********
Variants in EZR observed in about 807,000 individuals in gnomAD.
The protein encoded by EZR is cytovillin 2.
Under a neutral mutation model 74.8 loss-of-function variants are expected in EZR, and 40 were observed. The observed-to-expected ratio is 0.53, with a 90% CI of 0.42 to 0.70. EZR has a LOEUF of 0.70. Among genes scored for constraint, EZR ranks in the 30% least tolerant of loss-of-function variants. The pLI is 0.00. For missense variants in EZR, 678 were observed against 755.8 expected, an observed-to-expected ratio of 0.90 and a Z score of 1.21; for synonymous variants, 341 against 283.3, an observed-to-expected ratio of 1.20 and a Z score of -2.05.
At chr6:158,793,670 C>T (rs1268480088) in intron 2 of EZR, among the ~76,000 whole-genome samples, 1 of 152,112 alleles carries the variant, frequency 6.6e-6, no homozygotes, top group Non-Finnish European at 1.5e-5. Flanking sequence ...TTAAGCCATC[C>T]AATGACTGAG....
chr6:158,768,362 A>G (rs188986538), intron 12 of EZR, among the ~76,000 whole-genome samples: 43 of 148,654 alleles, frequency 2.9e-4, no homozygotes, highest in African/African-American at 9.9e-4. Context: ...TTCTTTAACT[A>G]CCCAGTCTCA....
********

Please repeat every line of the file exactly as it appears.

Variants in EZR observed in about 807,000 individuals in gnomAD.
The protein encoded by EZR is cytovillin 2.
Under a neutral mutation model 74.8 loss-of-function variants are expected in EZR, and 40 were observed. The observed-to-expected ratio is 0.53, with a 90% CI of 0.42 to 0.70. EZR has a LOEUF of 0.70. Among genes scored for constraint, EZR ranks in the 30% least tolerant of loss-of-function variants. The pLI is 0.00. For missense variants in EZR, 678 were observed against 755.8 expected, an observed-to-expected ratio of 0.90 and a Z score of 1.21; for synonymous variants, 341 against 283.3, an observed-to-expected ratio of 1.20 and a Z score of -2.05.
At chr6:158,793,670 C>T (rs1268480088) in intron 2 of EZR, among the ~76,000 whole-genome samples, 1 of 152,112 alleles carries the variant, frequency 6.6e-6, no homozygotes, top group Non-Finnish European at 1.5e-5. Flanking sequence ...TTAAGCCATC[C>T]AATGACTGAG....
chr6:158,768,362 A>G (rs188986538), intron 12 of EZR, among the ~76,000 whole-genome samples: 43 of 148,654 alleles, frequency 2.9e-4, no homozygotes, highest in African/African-American at 9.9e-4. Context: ...TTCTTTAACT[A>G]CCCAGTCTCA....